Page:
Although because this is Ireland after all it didn't stay quiet for long and we have the Sons of Mil coming in. These, whilst viewed as gods, are men and believed to be the true ancestors of most Irish people (I'll explain that later). What basically happened is that a guy called Ith was killed by the kings of the Tuartha De Dannan and his brother's (Mil's) Sons got upset thus? war again. In this battle the Sons of Mil eventually proved themselves victorious but interestingly the Tuartha De didn't die but instead retreated into the land itself by becoming one with the ground, a trait more characteristic of godhood than the other pantheons.

So that's the history, but the Irish are descended from gods are they? No. The reason being is that Gaelic mythology is based quite strongly to actual colonisations of Ireland and so whilst these characters are likely fictitious the stories bare an element of truth so whilst there is likely to be some Fomorian, Fir Bolg and Tuartha De Danann blood flowing around the majority of true blooded Irish people really are descended from the Sons of Mil, although even that has been dilutes in recent years obviously. And there you have it, a very brief history of the Gaelic pantheon and a couple of the reasons why it's so blooming complicated to study as all these pantheons overlap making it exceptionally difficult to distinguish who belongs to which faction the only common theme is that everyone fights everyone else.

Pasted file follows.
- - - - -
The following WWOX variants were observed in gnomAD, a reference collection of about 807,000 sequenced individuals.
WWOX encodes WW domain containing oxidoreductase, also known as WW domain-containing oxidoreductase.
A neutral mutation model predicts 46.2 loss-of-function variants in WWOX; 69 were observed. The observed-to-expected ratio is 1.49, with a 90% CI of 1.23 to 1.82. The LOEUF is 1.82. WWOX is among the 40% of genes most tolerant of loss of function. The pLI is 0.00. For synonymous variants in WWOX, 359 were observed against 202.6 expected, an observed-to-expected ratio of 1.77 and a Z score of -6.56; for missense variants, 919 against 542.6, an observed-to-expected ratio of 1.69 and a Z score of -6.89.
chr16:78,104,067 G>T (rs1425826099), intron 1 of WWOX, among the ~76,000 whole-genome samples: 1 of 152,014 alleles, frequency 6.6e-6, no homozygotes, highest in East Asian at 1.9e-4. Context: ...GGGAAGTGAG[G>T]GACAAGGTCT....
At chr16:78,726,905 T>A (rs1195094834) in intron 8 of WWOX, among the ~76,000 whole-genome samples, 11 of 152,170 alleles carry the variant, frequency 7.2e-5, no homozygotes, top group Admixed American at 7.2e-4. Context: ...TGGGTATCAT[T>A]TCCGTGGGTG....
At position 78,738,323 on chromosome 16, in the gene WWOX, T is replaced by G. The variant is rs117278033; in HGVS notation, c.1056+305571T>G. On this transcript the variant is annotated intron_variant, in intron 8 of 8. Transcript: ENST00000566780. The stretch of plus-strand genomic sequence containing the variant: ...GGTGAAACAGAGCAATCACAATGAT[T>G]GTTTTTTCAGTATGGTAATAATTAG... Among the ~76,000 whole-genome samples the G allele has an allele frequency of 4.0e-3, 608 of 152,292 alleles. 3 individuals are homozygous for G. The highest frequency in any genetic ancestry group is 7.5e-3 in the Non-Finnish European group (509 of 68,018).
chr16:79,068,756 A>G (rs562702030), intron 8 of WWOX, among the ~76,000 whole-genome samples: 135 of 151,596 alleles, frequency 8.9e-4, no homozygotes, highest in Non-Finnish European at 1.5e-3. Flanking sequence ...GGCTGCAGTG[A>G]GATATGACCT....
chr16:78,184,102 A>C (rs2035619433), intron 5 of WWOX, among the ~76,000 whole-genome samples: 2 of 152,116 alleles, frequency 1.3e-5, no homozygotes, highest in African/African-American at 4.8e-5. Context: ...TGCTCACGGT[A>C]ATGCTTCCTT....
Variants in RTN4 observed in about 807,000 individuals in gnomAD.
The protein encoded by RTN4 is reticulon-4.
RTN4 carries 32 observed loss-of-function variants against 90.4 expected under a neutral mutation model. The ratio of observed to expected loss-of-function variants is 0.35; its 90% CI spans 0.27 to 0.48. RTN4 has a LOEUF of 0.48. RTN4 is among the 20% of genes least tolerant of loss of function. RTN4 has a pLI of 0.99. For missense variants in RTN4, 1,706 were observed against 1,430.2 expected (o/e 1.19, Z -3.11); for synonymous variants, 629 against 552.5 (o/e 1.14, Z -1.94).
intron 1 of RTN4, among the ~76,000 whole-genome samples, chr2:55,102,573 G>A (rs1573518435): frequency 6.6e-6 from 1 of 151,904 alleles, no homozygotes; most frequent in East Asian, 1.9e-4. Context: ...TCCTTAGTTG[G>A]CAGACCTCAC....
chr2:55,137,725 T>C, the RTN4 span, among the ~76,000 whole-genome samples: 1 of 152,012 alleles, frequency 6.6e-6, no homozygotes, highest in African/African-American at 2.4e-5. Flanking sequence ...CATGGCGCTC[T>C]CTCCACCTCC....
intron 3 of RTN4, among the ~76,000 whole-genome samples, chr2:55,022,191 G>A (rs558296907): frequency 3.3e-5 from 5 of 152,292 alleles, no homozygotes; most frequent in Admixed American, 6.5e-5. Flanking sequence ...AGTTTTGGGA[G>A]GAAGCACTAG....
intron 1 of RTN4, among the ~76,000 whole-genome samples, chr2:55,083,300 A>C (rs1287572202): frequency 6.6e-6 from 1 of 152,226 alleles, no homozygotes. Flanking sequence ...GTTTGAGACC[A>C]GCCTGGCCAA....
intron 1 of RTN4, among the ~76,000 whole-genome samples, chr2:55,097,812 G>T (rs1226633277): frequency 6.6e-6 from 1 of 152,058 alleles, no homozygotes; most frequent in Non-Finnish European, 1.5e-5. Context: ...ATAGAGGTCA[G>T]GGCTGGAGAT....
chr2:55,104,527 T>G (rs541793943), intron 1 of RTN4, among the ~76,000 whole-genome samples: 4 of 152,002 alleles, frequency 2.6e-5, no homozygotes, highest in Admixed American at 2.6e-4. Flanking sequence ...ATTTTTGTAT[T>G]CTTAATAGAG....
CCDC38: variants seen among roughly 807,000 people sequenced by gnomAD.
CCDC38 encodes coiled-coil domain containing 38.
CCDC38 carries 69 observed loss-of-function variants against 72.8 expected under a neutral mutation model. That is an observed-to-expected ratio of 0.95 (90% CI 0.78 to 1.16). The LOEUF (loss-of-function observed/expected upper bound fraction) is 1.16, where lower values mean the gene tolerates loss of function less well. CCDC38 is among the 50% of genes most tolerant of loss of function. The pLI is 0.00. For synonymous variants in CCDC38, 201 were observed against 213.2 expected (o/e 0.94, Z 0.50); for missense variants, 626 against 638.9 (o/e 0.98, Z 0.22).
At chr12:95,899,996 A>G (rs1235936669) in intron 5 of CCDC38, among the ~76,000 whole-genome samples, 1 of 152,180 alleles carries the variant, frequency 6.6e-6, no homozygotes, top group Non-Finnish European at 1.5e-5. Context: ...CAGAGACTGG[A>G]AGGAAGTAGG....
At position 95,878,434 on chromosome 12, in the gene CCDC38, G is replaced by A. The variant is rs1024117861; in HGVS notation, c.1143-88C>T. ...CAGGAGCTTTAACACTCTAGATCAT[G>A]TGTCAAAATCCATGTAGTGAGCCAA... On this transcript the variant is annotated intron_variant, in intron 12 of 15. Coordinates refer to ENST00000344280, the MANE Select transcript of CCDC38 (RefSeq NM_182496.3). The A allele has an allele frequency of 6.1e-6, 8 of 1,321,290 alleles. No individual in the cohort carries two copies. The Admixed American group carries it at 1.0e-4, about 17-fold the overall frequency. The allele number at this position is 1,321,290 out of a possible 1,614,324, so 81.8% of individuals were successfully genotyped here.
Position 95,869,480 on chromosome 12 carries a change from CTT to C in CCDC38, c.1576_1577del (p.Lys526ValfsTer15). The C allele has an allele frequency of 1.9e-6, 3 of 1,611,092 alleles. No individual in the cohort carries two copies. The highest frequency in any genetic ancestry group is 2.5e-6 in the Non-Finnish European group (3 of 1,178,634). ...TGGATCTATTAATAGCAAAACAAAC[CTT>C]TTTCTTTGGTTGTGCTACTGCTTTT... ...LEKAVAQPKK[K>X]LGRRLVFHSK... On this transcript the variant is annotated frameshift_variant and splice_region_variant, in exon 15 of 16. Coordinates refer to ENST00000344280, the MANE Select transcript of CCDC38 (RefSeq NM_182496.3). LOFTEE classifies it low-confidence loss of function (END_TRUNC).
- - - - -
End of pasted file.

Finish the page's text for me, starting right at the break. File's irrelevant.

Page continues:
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Re: Explaining Gaelic Gods
By: / Novice
Post # 3
So as I've said a couple of times the Tuartha De Danann is the pantheon I actually worship and so I thought I'd go into a bit more detail than the sweeping statements I already made.

Firstly though let's go through their history a little so I can explain who they are. They are unquestionably the closest thing we have to gods in Ireland however there is a rather peculiar fact about them, they worship a deity. The name Tuartha De Danann translates as "peoples of the goddess Danu". Danu is the mother goddess although not the ruler of the Tuartha but goddess of the Otherworld and of running water. In a way she is comparable to the notion of Gaia in Greek legend, a mother being that sires the gods although she did not give rise to the Fomorians and is actively worshiped by her children.

As for the actual Tuartha De Danann though they are not peaceful gods but are in fact quite violent in nature. They first arrived in Ireland on dark clouds from the north and on ships that they burnt on the beech to ensure that they would never retreat then demanded half the island from the current residents the Fir Bolg. Now as much as this does seem demanding there is actually a reason for it. During the invasion of Nemed he had two sons, Semeon who left for Greece and became the founder of the Fir Bolg, and Bethach who went to the northern islands and met Danu, founding the Tuartha. Thus both groups were descended from the previous owners of Ireland and the Tuartha just wanted half of what was essentially their inheritance. The Fir Bolg though refused and war broke out. Eochaid (The Fir Bolg King) was killed in the first war but the Tuartha De King (Nuada) lost his arm in the process. The Irish King was required to be both physically and socially perfect in every way so he was forced to step down from kingship and allow the half Fomorian (Bres) to step in.